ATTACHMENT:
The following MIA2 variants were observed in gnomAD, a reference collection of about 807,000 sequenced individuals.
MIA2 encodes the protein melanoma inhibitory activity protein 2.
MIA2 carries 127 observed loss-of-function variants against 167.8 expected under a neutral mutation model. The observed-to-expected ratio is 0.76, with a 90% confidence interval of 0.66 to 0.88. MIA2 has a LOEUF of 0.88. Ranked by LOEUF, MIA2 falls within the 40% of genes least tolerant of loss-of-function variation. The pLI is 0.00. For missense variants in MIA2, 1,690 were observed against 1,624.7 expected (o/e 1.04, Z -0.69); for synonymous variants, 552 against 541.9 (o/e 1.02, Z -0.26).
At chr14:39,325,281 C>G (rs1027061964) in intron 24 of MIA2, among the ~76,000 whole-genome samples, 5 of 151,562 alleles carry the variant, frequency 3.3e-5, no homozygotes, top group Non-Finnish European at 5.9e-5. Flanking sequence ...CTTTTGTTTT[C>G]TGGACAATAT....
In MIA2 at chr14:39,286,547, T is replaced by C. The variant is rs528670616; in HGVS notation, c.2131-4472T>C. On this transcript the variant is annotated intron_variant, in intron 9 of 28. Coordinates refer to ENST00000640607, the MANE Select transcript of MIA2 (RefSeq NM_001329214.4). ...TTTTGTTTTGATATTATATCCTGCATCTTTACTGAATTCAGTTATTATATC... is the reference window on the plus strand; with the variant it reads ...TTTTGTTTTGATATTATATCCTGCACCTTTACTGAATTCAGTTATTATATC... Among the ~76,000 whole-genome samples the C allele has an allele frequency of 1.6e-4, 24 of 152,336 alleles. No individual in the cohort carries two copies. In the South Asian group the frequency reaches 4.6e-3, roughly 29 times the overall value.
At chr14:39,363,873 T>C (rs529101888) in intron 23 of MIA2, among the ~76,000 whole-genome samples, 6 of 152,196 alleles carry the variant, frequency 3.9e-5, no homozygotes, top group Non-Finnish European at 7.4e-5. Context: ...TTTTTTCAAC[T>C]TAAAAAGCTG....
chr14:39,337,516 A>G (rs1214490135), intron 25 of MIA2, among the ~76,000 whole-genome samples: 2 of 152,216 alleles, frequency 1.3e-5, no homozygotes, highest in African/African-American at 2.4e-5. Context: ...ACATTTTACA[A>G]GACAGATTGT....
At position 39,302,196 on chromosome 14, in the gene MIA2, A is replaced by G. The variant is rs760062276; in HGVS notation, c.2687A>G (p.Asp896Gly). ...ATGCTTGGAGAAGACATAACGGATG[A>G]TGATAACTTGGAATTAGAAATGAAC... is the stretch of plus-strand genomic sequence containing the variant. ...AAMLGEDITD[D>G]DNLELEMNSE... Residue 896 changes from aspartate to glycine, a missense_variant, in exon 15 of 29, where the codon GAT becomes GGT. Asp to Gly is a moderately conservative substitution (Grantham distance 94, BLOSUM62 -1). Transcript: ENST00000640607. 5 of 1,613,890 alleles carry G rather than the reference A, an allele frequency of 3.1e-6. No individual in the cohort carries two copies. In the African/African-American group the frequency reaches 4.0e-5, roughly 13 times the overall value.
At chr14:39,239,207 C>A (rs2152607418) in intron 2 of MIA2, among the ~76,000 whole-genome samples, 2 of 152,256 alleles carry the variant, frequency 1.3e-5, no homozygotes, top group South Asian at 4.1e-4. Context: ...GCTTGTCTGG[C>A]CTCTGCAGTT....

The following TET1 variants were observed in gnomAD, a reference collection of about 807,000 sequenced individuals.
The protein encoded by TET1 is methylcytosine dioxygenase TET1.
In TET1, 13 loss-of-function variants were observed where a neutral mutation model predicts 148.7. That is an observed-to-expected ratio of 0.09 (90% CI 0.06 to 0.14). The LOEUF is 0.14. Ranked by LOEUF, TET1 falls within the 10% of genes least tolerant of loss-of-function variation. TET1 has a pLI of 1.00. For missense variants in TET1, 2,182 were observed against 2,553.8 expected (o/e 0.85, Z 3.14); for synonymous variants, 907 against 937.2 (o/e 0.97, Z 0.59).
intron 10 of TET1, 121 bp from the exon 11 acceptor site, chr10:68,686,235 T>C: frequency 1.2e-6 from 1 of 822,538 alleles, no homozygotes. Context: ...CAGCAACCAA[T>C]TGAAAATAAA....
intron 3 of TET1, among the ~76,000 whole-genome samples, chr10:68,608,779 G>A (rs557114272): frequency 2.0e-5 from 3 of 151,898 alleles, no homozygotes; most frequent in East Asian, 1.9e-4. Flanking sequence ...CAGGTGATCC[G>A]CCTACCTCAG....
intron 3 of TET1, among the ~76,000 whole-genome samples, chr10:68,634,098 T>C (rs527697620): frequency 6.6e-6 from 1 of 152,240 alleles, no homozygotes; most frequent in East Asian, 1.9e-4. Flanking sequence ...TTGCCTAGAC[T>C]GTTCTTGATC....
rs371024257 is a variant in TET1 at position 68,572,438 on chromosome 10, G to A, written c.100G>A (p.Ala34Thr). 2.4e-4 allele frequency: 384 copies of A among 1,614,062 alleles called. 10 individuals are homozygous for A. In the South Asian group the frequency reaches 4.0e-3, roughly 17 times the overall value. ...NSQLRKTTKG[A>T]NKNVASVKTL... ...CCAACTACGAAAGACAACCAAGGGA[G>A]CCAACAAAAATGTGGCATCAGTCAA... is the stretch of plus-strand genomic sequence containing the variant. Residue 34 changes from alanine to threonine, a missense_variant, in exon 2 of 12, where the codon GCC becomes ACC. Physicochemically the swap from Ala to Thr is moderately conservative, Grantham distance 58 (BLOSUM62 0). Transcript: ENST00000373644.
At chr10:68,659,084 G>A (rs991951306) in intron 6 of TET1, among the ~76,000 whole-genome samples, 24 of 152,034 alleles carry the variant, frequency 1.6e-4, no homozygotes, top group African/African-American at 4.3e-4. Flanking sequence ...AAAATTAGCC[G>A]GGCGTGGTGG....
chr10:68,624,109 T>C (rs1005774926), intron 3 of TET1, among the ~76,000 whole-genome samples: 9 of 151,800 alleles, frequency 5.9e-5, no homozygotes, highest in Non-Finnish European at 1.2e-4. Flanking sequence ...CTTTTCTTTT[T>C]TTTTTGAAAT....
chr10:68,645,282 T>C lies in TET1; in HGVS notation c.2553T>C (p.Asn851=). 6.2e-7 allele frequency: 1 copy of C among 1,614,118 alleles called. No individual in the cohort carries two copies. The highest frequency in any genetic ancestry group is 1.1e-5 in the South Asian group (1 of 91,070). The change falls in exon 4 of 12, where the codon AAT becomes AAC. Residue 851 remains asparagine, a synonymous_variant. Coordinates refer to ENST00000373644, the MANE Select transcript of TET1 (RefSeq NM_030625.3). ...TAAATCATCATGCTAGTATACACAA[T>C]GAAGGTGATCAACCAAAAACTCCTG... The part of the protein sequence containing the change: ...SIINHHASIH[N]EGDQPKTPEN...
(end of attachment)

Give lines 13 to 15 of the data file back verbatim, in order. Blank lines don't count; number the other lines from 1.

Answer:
intron 10 of TET1, 121 bp from the exon 11 acceptor site, chr10:68,686,235 T>C: frequency 1.2e-6 from 1 of 822,538 alleles, no homozygotes. Context: ...CAGCAACCAA[T>C]TGAAAATAAA....
intron 3 of TET1, among the ~76,000 whole-genome samples, chr10:68,608,779 G>A (rs557114272): frequency 2.0e-5 from 3 of 151,898 alleles, no homozygotes; most frequent in East Asian, 1.9e-4. Flanking sequence ...CAGGTGATCC[G>A]CCTACCTCAG....
intron 3 of TET1, among the ~76,000 whole-genome samples, chr10:68,634,098 T>C (rs527697620): frequency 6.6e-6 from 1 of 152,240 alleles, no homozygotes; most frequent in East Asian, 1.9e-4. Flanking sequence ...TTGCCTAGAC[T>C]GTTCTTGATC....